The trial court found her in contempt of court for failing to
comply with its child support order and sentenced her to
ninety (90) days in jail with no good time credit. However,
the trial court stayed the sanction and told Mother that she
could purge herself of the contempt before the next review
hearing by complying with its order and reducing her
Thereafter, Mother failed to purge herself of the contempt
and also failed to appear at her next review hearing. Thus,
on October 31, 2013, the trial court ordered her to serve her
previously stayed contempt sanction of ninety (90) days
imprisonment. Nevertheless, the trial court again informed
Mother that she could purge her contempt and be released from
imprisonment, this time by paying $2, 000 towards her
arrearage. Mother did not pay $2, 000 towards her arrearage
and instead served her ninety (90) day sanction in jail.
Following Mother's ninety days of imprisonment, she
continued to miss her child support payments. On May 23,
2016, the State filed another motion for the trial court to
order Mother to show cause for why she should not be held in
contempt of court for her continued failure to pay child
support. The trial court set a hearing on the motion for July
7, 2016. However, the hearing did not occur in July as
planned because Mother failed to appear. The trial court
issued another body attachment, and Mother was arrested on
October 26, 2016.
After Mother's arrest, the trial court held a hearing on
the State's rule to show cause. At the hearing, Mother
revealed that she had recently finished serving a three-month
sentence for theft in the Tippecanoe County Jail and was
still on probation for that conviction. She had also been
charged with using "spice, " but the State had
dismissed that charge after she had completed a diversion
program. (Tr. 29). Since her release from jail, she had
enrolled in a substance abuse treatment program called the
"Through the Gate Program." (Tr. 20).
At the conclusion of the hearing, the trial court found
Mother in civil contempt of court "for willfully failing
to pay child support as ordered despite the ability to do
so." (Appellant's App. Vol. 2 at 36). However, the
court deferred imposing a sanction for the contempt citation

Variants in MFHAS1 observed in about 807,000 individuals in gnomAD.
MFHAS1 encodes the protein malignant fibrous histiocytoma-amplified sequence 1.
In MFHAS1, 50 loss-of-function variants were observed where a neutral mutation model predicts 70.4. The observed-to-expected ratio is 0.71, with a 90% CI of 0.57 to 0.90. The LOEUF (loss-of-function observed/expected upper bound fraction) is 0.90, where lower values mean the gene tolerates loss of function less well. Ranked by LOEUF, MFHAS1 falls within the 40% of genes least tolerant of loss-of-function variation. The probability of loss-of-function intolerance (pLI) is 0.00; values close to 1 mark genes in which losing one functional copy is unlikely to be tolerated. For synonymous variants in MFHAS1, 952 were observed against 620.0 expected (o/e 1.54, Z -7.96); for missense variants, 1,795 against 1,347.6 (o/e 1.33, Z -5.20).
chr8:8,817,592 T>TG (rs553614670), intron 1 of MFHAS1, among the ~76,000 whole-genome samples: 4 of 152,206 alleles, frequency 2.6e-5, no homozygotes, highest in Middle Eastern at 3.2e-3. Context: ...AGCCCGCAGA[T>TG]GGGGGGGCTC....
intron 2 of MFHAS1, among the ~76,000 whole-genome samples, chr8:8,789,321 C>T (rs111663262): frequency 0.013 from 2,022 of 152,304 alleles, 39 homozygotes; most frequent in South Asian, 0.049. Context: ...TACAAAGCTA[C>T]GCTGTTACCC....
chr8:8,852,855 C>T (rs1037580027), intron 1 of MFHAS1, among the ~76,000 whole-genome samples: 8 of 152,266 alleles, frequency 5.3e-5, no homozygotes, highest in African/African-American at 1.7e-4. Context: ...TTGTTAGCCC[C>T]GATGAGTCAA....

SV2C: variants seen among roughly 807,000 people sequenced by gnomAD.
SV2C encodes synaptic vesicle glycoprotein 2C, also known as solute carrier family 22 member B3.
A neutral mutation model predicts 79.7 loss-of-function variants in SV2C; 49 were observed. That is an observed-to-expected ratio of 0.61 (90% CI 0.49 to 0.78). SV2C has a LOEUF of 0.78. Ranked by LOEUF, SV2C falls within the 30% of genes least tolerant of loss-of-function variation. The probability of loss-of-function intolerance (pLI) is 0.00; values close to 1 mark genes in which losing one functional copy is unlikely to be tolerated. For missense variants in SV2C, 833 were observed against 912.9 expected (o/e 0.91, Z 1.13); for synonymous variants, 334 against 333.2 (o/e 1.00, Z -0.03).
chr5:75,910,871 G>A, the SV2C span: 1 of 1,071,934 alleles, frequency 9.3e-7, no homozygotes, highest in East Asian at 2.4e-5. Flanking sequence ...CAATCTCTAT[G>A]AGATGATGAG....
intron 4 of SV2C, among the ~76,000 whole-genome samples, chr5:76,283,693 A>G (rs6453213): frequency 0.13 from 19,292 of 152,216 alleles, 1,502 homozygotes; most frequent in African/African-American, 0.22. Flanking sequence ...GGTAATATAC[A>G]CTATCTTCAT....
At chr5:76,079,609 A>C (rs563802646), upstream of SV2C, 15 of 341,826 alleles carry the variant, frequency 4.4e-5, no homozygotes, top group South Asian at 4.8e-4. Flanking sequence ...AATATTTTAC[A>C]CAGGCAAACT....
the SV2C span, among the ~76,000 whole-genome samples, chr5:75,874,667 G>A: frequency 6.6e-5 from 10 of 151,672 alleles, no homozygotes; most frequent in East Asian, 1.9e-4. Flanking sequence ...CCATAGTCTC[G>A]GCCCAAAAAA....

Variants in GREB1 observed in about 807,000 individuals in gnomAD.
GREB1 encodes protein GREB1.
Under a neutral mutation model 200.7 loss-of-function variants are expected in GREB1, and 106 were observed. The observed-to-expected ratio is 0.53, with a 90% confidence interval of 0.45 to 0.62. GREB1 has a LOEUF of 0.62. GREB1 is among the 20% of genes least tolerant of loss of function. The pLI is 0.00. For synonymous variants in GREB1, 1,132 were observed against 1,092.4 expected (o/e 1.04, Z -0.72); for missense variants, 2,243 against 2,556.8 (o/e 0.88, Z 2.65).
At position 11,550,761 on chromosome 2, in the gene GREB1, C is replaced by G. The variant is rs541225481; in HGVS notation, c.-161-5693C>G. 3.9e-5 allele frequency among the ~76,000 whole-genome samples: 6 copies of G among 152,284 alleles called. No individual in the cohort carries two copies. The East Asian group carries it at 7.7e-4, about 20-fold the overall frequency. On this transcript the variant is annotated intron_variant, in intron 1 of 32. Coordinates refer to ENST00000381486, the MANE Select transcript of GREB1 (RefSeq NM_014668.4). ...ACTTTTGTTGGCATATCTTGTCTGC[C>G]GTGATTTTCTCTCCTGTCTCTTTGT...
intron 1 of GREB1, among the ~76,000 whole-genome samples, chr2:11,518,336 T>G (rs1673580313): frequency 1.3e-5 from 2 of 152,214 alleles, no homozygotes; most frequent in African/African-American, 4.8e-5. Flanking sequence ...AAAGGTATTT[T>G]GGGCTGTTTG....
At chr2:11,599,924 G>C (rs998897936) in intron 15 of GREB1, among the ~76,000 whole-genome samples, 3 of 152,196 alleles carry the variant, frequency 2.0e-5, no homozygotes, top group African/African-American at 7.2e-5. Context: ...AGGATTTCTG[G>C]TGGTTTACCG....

until a review hearing in February 2017. The court's
order provided that Mother could purge her contempt before
that review hearing by paying her court-ordered support. The
trial court also conditioned Mother's release on her
attending and completing the Through the Gate Program.
Subsequently, the trial court held a review hearing as
planned on February 16, 2017. By then, Mother's child
support arrearage had grown to $15, 296. At the hearing, she
admitted that she had not made a child support payment since
February 11, 2016, over a year earlier. However, she
testified that she had been working at a store called
Discount Tobacco for three weeks and had just gotten hired
the day before to work a second job at Burger King. Her job
at Discount Tobacco paid $7.50 per hour and she worked there
thirty-eight hours per week. Her job at Burger King paid
$9.00 per hour, and she had been guaranteed fifteen hours of
work per week there. She said that she had previously had
difficulty getting a job due to her convictions, lack of
transportation, and inability to obtain appropriate work
With respect to her substance abuse treatment, Mother
admitted that she had completed only five days of the Through
the Gate Program after the previous hearing. She testified
that she had quit the program after five days because she had
discovered that the program would take sixteen months to
complete unless she quit work for the first six months. She
said that, since leaving the Through the Gate Program, she
had been attending substance abuse classes at the SURF Center
three to four times per week.
Also at the hearing, the court questioned Mother about the
diversion program she had previously completed so that the
State would dismiss her charge for using spice. ...